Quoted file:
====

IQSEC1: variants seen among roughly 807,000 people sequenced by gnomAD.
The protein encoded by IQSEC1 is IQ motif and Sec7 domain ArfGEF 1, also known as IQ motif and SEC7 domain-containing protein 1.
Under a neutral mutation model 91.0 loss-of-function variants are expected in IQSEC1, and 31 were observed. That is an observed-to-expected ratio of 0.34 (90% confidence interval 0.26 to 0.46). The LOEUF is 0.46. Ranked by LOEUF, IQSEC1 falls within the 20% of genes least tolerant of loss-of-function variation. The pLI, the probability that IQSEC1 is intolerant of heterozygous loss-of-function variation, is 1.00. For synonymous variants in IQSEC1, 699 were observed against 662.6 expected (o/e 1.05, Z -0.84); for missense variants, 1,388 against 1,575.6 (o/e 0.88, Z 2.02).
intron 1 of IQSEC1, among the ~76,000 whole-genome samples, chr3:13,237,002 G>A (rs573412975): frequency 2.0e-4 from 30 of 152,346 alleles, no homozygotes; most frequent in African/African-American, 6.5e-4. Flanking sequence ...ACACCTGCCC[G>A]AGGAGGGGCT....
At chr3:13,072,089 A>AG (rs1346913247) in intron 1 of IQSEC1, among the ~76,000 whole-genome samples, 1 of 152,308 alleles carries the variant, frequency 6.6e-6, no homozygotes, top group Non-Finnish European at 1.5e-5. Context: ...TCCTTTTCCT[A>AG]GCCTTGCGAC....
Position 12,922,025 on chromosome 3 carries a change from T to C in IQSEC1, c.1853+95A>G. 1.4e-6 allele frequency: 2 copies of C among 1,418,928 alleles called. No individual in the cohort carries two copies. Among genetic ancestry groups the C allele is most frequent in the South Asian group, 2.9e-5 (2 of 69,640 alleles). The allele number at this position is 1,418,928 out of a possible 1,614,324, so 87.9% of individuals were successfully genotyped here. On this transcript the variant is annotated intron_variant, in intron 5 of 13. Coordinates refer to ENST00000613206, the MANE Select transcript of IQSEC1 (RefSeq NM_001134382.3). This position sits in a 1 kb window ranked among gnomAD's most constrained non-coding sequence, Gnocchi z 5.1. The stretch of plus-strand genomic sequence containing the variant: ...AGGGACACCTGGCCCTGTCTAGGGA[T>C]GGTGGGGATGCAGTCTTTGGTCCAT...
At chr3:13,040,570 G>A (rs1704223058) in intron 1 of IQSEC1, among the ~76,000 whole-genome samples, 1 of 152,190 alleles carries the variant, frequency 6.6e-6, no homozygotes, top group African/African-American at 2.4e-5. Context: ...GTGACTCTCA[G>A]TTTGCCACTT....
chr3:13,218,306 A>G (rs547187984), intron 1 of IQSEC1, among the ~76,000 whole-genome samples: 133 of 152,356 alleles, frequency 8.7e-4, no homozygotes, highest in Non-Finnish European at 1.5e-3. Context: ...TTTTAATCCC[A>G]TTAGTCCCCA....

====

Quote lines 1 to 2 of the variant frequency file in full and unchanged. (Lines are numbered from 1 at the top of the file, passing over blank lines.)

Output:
IQSEC1: variants seen among roughly 807,000 people sequenced by gnomAD.
The protein encoded by IQSEC1 is IQ motif and Sec7 domain ArfGEF 1, also known as IQ motif and SEC7 domain-containing protein 1.